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Conan goes to Harold’s (sort of)

Guest Adam Sandler (center) chatted with Andy Richter (left) Conan O’Brien close out their week TBS broadcasts from Chicago Theatre.

Guest Adam Sandler (center) chatted with Andy Richter (left) and Conan O’Brien to close out their week of TBS broadcasts from the Chicago Theatre.

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Updated: July 16, 2012 6:41AM



If it’s possible, the capacity crowd Thursday for Conan O’Brien’s final show at the Chicago Theatre was even more raucous than its raucous predecessors. Then again, there was a lot to cheer about.

Since Monday, when the TBS late-night host unveiled a massive bobblehead likeness of himself — his “gift” to Chicago — he’d been asking fans to suggest locations for it. And scores of them have obliged.

O’Brien, though, decided to take matters into his own hands and select the most appropriate perch. While it’s unclear whether or not they were in on the joke, bosses at the Art Institute of Chicago were less than thrilled when it showed up outside the museum’s modern wing.

But it found a home, at least a temporary one: holding a menu outside Harold’s Chicken Shack at 636 S. Wabash. According to the restaurant, it wasn’t there long before O’Brien’s crew dismantled the carrot-topped behemoth and ferried it away.

After former Bulls player and Hall of Famer Scottie Pippen made a cameo to strip a cocky O’Brien of his Celtics jacket, all eyes turned to large video screens as the program’s final bridge jumping segment was introduced. Following the same pulley-rigged path of a giant bratwurst and a replica of the Daley Plaza’s Picasso statue, Mrs. O’Leary’s cow, an obese Wisconsin tourist and Mr. T in a yellow convertible, a small-scale model of the Millennium Park “Cloud Gate” sculpture (better known as “the Bean”) successfully made its way over the State Street drawbridge. In an added twist, it was partially filled with baked beans, which splattered all over the pavement.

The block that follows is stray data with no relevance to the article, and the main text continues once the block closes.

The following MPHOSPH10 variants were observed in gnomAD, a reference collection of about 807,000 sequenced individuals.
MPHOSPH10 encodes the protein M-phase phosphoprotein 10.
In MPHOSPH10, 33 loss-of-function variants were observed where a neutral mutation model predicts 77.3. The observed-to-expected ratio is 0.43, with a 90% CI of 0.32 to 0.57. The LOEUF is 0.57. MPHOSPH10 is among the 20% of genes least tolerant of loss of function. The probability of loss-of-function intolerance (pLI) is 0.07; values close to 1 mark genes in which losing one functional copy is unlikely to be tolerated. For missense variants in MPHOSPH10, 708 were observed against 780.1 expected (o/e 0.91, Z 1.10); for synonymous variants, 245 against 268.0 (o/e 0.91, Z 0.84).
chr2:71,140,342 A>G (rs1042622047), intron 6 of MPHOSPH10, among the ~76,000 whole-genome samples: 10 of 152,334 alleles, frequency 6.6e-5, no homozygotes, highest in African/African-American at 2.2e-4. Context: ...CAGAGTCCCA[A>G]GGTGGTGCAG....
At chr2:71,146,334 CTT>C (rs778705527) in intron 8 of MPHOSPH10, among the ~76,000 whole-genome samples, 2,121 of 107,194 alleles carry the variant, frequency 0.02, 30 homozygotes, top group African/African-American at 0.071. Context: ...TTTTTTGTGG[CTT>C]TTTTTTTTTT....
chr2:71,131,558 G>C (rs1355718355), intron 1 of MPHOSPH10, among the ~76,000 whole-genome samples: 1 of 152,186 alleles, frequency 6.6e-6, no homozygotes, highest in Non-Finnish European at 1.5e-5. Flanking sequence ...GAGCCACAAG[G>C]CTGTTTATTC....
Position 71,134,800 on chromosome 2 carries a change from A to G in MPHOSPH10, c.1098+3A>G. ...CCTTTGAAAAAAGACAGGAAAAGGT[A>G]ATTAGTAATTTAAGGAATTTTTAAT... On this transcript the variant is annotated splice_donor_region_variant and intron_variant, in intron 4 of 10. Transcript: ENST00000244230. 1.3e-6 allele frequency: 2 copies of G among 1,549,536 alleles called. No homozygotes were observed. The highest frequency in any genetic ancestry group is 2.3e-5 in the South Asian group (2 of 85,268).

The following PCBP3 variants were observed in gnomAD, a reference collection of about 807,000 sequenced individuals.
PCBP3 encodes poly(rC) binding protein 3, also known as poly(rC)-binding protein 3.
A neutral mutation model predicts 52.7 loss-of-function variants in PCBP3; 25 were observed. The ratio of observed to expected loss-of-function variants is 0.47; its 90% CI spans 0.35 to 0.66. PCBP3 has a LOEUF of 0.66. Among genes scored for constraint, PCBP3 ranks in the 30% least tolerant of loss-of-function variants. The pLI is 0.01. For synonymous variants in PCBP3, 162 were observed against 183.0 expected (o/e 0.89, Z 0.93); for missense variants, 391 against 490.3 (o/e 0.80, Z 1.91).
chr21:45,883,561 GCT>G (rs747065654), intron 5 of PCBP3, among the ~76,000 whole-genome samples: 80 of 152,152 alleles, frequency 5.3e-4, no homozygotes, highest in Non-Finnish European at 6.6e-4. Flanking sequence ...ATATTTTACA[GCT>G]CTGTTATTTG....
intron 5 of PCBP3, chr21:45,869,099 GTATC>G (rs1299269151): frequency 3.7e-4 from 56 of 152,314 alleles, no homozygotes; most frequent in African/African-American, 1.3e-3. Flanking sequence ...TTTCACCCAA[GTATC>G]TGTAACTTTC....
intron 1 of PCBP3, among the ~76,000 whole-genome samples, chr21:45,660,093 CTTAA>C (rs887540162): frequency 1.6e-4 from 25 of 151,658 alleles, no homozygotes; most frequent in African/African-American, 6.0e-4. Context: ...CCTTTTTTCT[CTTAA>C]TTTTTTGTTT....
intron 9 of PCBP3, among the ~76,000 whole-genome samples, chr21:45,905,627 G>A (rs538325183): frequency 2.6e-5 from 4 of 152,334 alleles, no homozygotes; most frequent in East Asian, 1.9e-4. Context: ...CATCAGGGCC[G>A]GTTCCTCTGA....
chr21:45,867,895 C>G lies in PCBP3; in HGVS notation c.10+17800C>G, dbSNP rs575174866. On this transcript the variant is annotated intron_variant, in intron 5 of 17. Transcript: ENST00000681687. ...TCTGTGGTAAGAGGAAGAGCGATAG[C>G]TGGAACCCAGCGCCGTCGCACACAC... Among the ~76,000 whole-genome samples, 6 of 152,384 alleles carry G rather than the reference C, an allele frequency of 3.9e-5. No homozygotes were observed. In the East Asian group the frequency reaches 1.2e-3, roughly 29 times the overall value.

In the night’s funniest segment, “30 Rock” star and well-known nice guy Jack McBrayer visited the Wiener’s Circle in Lincoln Park to order a hot dog and uncomfortably absorb some of the staff’s famous verbal abuse. Unhappy about how he was treated, McBrayer returned with a friend — Triumph the Insult Comic Dog.

Voiced and operated by Robert Smigel, Triumph went on an extended and often R-rated tear against the employees. He and McBrayer then served food to customers in equally rude and crude fashion before Triumph inexplicably vomited on waiting customers.

Nick Offerman of “Parks and Recreation” was the evening’s other surprise guest — deadpanning his “rhapsodic delight” at being in O’Brien’s presence. Former “Saturday Night Live” standout Adam Sandler recalled peeing his pants in first grade (so his teacher, on whom he had a crush, would have to help him change them) and pumped his new flick, and Chicago-trained comic TJ Miller capped things off with a set that saw him stuff his mouth with one Italian beef sandwich and smear his head with another.



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